You can't just choose to be an astronaut, wish as hard as you like but if the thought never gets from your head to some actual action, it simply can't become a reality. However, if you look at all of the requirements of being an astronaut and work backward to find a way of achieving those things, you'll either succeed or know why you've failed and can try again. The same is true of any aspiration.
We humans are helplessly bad at predictions, by our very nature we filter out information we don't like and create optimistic, warped conclusions. We evolved to do this. That doesn't mean that you should shoot any lower, quite the contrary. It means the mental map you built to get you there doesn't show the rivers, valleys or volcanoes that will slow you down or stop you in your tracks. If you can learn to avoid excluding negative information in your decision-making, then maybe you can simply walk around the volcano before finding yourself engulfed in lava.
Analogies aside, my point is that making a good plan is the only way to reliably achieve ambitious goals without a good amount of luck.
I'd rather rely on logical reasoning than luck, any day.
With that in mind, I'd like to briefly explain why we're making the films we are, and not shooting for the stars just yet.
We want to make some incredible films, we want to make a whole bunch. But to do that there are some things we want to get good at first. The quickest way to reach that goal is to be wrong.
Ideally, we'd like to be wrong a lot, in many different ways, in a very short amount of time.
So to do that we devised a system, we'd reverse engineer stories around production goals, so that we could focus on different areas of filmmaking and get our hands dirty way ahead of the competition (whoever that is). That way we can learn hard and fast, mess up a ton in the process and come out on top.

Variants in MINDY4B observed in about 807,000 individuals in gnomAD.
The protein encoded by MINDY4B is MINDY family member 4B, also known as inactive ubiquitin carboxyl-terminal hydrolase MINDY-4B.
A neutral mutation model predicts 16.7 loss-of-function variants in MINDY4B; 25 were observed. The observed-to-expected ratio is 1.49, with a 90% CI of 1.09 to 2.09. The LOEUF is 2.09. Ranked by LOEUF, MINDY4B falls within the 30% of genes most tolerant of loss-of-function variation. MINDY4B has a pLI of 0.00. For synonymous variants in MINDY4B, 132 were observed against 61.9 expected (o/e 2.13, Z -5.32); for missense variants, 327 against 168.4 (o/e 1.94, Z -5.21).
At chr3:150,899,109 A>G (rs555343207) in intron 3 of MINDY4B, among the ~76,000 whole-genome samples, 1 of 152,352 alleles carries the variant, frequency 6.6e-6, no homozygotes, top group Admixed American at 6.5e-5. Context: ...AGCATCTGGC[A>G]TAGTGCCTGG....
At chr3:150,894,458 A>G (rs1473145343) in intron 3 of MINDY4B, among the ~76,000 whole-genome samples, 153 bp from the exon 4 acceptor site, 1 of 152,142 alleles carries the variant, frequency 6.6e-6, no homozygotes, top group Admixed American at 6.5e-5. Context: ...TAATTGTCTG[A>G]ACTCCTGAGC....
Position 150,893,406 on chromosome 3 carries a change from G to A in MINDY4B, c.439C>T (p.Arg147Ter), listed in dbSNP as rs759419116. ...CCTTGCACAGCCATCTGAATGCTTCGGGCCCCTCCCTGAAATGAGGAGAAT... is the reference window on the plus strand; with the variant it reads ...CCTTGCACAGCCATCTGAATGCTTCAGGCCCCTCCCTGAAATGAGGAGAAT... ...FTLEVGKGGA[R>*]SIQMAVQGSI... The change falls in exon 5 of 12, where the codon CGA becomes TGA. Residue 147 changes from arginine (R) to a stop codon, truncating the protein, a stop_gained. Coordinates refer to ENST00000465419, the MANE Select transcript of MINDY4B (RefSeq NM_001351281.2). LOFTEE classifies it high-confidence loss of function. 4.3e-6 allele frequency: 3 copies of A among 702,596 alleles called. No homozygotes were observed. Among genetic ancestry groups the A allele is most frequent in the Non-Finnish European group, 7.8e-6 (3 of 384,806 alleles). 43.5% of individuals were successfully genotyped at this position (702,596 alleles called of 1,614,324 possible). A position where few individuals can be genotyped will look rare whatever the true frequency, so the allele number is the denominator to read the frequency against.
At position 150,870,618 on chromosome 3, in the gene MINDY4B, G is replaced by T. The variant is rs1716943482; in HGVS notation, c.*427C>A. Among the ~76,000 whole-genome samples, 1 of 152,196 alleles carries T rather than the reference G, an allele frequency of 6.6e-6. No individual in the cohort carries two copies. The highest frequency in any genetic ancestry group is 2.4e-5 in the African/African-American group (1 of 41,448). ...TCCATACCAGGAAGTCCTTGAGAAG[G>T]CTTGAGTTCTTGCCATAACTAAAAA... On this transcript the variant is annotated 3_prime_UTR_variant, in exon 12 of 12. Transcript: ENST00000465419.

Here are some of the areas we've focused on in our productions:
- In Shadows - Fast turnaround times. We wrote, shot, edited, composed music, colour graded, sound designed and uploaded in a little over 24 hours.
- Coffee Break - Logistical nightmares. We had 72 hours and we wanted to make things as difficult for ourselves as possible, we shot in a single day in 8 vastly seperate locations, rigged explosives, shot with multiple cameras, created stunt tables and dust explosions. All for the purpose of seeing how we did under pressure.
- Stuck - Lighting. We spent a lot of time experimenting before we shot this short, and we learned a ton while doing so, we wanted a higher production value than all our previous shorts and I think we achieved that. An abstract narrative helped us focus on the production and less on the acting, (Sean will attest, he is not a professional actor).
For our next production, which had to stall for almost half a year while we all finished up certain things in our lives, we'll be moving up to another level. We're focusing on three things: Dialogue/Acting, Action Choreography/Editing and Production Value.
We want this next short to be a level above all that we've done before, in every way, from music to visual effects to title design. And we're well on our way to getting there.
This short is the second to last before things change. We have some great stories we want to tell, but for that, we need to finish our initial learning experiences. These good stories require more than just us and our sub-par acting. We need real actors, a professional sound recordist, many pieces of rented equipment, a set (we've already started constructing one) and some very difficult VFX shots. We're working on all of these and can't wait to show the world.
Until then, it's back to the land of mistakes.